Deepwater Horizon Accident Resources
On the evening of 20 April 2010, a gas release and subsequent explosion occurred on the Deepwater Horizon oil rig working on the Macondo exploration well for BP in the Gulf of Mexico.” -BP
This Deepwater Horizon (BP Macondo) resource page has been put together for those looking to understand exactly what happened with the Deepwater Horizon offshore drilling rig and how that affected the offshore drilling segment of the oil and gas industry.
We will be using this page to consolidate our resources on the topic of the Deepwater Horizon accident.
Sound Off Discusses Deepwater Horizon and Regulatory Aftermath
Joe Perino Discusses the Deepwater Horizon and its effect on offshore drilling regulations in the US in this oil and gas podcast episode of Sound Off:
Relevant Deepwater Horizon Links:
Regulatory and Industry Groups:
Center for Offshore Safety (COS)
Center for Offshore Safety – SEMS Toolkit
Offshore Energy Safety Institute (OESI)
Bureau of Safety and Environmental Enforcement (BSEE)
Bureau of Ocean Energy Management (BOEM)
International Association of Drilling Contractors (IADC)
Related EKT Interactive Resources:
E-Books (Free Oil 101 Membership Required):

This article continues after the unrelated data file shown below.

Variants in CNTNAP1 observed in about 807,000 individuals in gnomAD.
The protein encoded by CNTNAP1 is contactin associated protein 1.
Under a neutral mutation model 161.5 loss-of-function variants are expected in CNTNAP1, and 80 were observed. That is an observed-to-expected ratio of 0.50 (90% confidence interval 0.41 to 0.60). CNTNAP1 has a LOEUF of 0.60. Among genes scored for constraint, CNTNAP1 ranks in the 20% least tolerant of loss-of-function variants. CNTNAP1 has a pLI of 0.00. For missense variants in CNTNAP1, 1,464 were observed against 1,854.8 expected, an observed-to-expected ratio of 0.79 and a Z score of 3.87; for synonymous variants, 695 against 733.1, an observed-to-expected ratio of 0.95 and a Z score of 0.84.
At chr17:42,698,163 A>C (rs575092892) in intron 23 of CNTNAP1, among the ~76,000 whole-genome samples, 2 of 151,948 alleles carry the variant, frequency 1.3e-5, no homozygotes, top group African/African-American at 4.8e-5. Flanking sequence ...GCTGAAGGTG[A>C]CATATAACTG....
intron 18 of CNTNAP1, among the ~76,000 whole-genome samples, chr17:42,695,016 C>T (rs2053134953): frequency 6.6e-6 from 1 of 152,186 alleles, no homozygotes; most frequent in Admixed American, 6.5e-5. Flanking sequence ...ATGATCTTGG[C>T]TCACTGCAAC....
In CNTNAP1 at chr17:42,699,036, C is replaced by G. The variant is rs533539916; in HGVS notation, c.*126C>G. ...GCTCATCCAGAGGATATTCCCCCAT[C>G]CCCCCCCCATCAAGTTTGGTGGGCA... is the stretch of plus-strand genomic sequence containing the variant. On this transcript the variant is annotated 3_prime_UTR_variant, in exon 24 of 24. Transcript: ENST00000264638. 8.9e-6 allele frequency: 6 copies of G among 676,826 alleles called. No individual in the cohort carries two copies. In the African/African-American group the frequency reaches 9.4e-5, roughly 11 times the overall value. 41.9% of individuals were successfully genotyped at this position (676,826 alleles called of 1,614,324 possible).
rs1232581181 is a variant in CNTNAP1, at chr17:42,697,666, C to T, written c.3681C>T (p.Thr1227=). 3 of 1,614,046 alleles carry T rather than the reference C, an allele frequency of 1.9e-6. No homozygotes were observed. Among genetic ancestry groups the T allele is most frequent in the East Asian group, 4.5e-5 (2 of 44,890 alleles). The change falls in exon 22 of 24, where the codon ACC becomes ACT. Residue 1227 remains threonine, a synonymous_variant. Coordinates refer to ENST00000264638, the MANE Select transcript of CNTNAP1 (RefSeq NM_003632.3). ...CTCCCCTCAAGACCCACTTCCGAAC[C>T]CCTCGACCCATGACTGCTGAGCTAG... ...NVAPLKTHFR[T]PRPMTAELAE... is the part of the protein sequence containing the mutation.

Exactly what was the BP Macondo or Deepwater Horizon incident?
Well, it was a blow-out of a well on a deep water oil rig, which caught fire, caused the rig to explode and sink, resulting in a loss of 11 lives, the rig, and an oil spill that gushed for some 87 days before being capped on July 15 of 2010 and then eventually sealed on September 19, 2010. It involved several players. First, BP, the operator of the well; secondly, Trans Ocean, who owned the Deepwater Horizon drilling platform; and third, Halliburton, an oil field service company, one of many companies working on the platform at that time.
What exactly happened? As Trans Ocean was drilling the well under BP’s direction, it was customary to pump cement down around the outside of the drill casing to prevent any oil and gas from coming up around the exterior of that casing and up to the platform. In addition, drilling mud is used as a counterbalance to maintain pressure against the pressure of the oil and gas that would flow up as a result of the drill bit penetrating the oil and gas reservoir. According to BP’s report on April 20th, managers misread pressure data and gave their approval for rig workers to replace the drilling fluid in the well with seawater, which was not heavy enough to prevent gas that had been leaking into the well from firing up the pipe to the rig, catching fire, and causing the explosion.
In addition, the attempt to seal the well by activating the blow-out preventer, whose shears would cut off the drill pipe and close the well head, failed. The drilled pipe coupled inside the blow-out preventer and the shears were not sufficiently strong to cut it off. The result of course was the oil leaking into the ocean from the ocean floor for the 87 days.